The trade is finally hearing some good news about the coronavirus and global supply chains: Cargo volumes and ship calls have swiftly rebounded at Chinese ports, confirming that the cogs of global trade are grinding back into motion. The caveat is that this was to be expected as Chinese port workers and truckers returned after an extended Chinese New Year (CNY) holiday. Inbound and outbound cargo delayed during the post-CNY period was already en route or contracted for transport.
The question ahead, is whether volumes will sink back again if there are manufacturing disruptions and reduced demand, or alternatively, whether volumes will increase if China pursues a stimulus program. Analysts have released data showing that both import and export cargo flows (measured in terms of the mass transferred on and off ships) have reverted to historical norms. The bottom for Chinese imports and exports across almost all shipping sectors was on Feb. 15. On the import side, the decline prior to that date was driven by dry bulk. Since then, analysts say, “dry bulk has mostly recovered, energy has completely recovered and container imports may be higher than they were before Chinese New Year,” with imports overall recovering “less than a week” after the low was hit.
On the export front, Chinese declines through Feb. 15 were driven by the container sector. Since then, cargo categories including containers have rebounded. “The recovery in exports was a little slower to materialize but exports did return to the seasonally expected range by the end of the month [February],” said analysts.
Analysis Aside, Capacity and Equipment Concerns Remain
Terminal operators at the ports of Los Angeles and Long Beach are canceling dozens of work shifts due to plunging cargo volumes, which is making it increasingly difficult for shippers and truckers to return empty containers.
With trans-Pacific carriers continuing to blank sailings as cargo volumes drop, the inability to return empty containers to the terminals is expected soon to result in a shortage of chassis in Southern California. The backlog of empty containers at marine terminals, warehouses, and trucker yards is escalating by the day, and chassis shortages could develop because the vast majority of idled empty containers are sitting on chassis, effectively taking that equipment out of service for days on end.
Some terminals began notifying clients they would only issue appointments for the return of empty containers to truckers that were also taking delivery of full containers coming off of ships. Some terminals then began to refuse returns of all empty containers saying this action was taken because the blank sailings have significantly reduced the outbound vessel capacity needed to return the empties to Asia, and they simply do not have enough space to handle thousands of empty containers with nowhere to go.
Ocean Carriers Continue to Cut Capacity
Total capacity for the Far East/US West Coast sectors will decrease in 2020, with five routes removed permanently in March and April. However, two new liner services are being introduced under the Alliance networks due to launch on April 1. The significant shift will be with Hyundai Merchant Marine (HMM) from the 2M Alliance to THE Alliance. Analysts project that by May overall capacity will be reduced by 7,000 TEU. Capacity will be reduced 2.3% over levels of one year ago.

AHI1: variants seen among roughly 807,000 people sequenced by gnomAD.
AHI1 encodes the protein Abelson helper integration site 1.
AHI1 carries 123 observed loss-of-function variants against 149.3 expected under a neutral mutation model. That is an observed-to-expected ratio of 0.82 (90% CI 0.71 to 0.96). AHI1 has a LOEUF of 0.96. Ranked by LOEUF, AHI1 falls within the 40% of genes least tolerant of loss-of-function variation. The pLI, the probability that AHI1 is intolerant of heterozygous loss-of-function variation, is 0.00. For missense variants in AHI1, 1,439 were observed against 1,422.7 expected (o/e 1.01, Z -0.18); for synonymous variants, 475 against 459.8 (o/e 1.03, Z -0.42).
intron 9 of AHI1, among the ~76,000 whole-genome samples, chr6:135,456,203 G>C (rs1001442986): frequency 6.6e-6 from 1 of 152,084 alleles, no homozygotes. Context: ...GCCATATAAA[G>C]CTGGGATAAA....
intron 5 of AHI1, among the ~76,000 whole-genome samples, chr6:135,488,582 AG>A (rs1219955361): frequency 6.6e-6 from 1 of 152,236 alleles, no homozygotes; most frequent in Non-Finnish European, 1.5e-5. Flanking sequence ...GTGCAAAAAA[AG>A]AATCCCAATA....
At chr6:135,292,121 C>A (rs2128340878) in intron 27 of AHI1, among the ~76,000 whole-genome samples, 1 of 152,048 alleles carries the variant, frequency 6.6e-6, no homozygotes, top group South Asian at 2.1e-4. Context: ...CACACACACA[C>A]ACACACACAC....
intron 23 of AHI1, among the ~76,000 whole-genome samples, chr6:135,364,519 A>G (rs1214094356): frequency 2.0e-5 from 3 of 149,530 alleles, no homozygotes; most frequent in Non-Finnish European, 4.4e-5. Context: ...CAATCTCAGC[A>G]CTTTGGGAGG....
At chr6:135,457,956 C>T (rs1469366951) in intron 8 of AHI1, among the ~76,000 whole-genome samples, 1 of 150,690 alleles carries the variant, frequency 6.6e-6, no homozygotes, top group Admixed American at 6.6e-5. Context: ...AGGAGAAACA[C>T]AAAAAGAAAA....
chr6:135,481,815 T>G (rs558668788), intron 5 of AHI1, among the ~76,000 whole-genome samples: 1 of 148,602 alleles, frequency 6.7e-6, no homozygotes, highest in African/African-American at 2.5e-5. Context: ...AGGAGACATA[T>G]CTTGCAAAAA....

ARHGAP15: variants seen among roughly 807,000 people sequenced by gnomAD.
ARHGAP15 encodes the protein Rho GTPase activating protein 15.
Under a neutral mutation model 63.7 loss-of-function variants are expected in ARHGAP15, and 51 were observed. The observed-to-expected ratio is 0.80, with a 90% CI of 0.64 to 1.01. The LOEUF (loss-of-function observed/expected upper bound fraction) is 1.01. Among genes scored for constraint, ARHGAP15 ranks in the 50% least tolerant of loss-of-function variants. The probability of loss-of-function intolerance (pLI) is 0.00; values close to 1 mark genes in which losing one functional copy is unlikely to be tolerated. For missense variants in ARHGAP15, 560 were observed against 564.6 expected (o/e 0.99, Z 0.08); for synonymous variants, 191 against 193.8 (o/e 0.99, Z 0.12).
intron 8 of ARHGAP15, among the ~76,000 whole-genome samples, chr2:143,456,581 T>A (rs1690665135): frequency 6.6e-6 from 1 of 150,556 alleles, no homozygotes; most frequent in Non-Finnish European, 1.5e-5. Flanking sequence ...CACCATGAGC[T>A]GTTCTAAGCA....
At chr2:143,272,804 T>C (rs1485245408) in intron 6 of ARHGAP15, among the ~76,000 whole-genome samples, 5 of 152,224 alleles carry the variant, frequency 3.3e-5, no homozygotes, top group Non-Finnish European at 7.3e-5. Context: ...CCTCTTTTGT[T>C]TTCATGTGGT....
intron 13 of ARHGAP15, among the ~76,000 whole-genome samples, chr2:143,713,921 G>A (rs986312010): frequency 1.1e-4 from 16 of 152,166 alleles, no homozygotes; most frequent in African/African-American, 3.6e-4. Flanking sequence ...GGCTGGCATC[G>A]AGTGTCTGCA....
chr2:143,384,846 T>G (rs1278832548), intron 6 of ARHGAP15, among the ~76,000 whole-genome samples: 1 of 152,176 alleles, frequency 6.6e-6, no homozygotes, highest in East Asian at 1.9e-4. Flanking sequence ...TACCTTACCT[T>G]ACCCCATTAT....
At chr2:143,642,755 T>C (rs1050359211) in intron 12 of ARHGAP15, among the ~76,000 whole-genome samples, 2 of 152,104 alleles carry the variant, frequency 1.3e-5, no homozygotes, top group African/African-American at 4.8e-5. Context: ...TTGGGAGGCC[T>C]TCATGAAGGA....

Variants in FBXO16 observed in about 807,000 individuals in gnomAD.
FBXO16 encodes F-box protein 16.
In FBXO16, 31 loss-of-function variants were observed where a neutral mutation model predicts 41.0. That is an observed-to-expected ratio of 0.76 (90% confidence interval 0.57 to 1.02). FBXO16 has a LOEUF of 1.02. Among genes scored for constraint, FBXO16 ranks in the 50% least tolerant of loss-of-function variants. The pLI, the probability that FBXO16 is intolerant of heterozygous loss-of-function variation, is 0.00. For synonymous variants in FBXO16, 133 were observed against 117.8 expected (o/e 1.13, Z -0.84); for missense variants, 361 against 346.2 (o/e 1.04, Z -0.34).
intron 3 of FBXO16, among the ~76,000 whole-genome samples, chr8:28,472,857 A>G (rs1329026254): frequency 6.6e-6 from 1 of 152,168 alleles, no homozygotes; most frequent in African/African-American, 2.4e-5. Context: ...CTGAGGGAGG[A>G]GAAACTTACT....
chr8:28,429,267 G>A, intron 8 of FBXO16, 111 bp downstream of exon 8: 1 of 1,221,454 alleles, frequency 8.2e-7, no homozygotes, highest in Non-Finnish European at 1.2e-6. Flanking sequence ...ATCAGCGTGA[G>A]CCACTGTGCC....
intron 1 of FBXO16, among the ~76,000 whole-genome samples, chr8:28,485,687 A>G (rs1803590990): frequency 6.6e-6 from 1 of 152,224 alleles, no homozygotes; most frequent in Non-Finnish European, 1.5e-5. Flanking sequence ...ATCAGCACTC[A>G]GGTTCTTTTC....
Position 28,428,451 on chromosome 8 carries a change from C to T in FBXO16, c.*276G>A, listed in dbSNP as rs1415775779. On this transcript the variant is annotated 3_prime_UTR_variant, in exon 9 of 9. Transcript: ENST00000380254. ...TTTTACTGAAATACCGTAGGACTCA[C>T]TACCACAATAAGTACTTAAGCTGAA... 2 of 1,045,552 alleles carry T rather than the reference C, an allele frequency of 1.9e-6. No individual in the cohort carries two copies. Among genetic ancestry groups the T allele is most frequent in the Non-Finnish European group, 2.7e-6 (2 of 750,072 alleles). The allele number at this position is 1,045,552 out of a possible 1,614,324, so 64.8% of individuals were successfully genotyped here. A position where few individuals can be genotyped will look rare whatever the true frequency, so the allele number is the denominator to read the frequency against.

Scheduled capacity reductions are:
- As stated above, HMM will terminate three U.S. West Coast (USWC) strings by end March replacing these with services under the carrier’s new membership in THE Alliance.
- COSCO and Wan Hai will withdraw one of their joint-operated VSA services in early March, while their partner, PIL, is to withdraw entirely from the Trans-Pacific market.
- SM Line will replace one of its two USWC strings in early April with a new VSA arrangement with 2M partners.
The regular weekly capacity on the USWC sectors is expected to be 298,000 TEU by May, before adjustments for void sailings or extra loaders that carriers could implement to account for the temporary fluctuations in market demand. Comparatively, there were 305,000 TEU in 2019.
THE Alliance will add a new USWC string (PS8), accommodating six of HMM’s 8,500 TEU ships that are to be transferred from PS1, while 2M and ZIM will also launch a new TP-1/Maple/ZP8 service, expected to employ 8,600 TEU ships that will partly replace Maersk’s and MSC’s current slots on HMM’s PN2 service.
It is anticipated that the overall capacity reduction of 2.3% would not have a significant impact on the market, unless there is a significant fluctuation in demand.
Other Coronavirus Hot Spots
Conditions continue to ease in China with authorities lifting citywide lockdowns, while other countries are struggling with new infections. South Korea, Japan, Iran and France have reported a significant increase in cases recently. Italy has the most cases for Europe as of late, most concentrated in the northern party of the country. As a result, multiple airlines have cancelled flights to Seoul, Milan and Tokyo’s Narita Airports, while some carriers are continuing service to Tokyo Hanea Airport.
The United States has also had a sudden increase in cases, a majority of which are centered in Washington and California.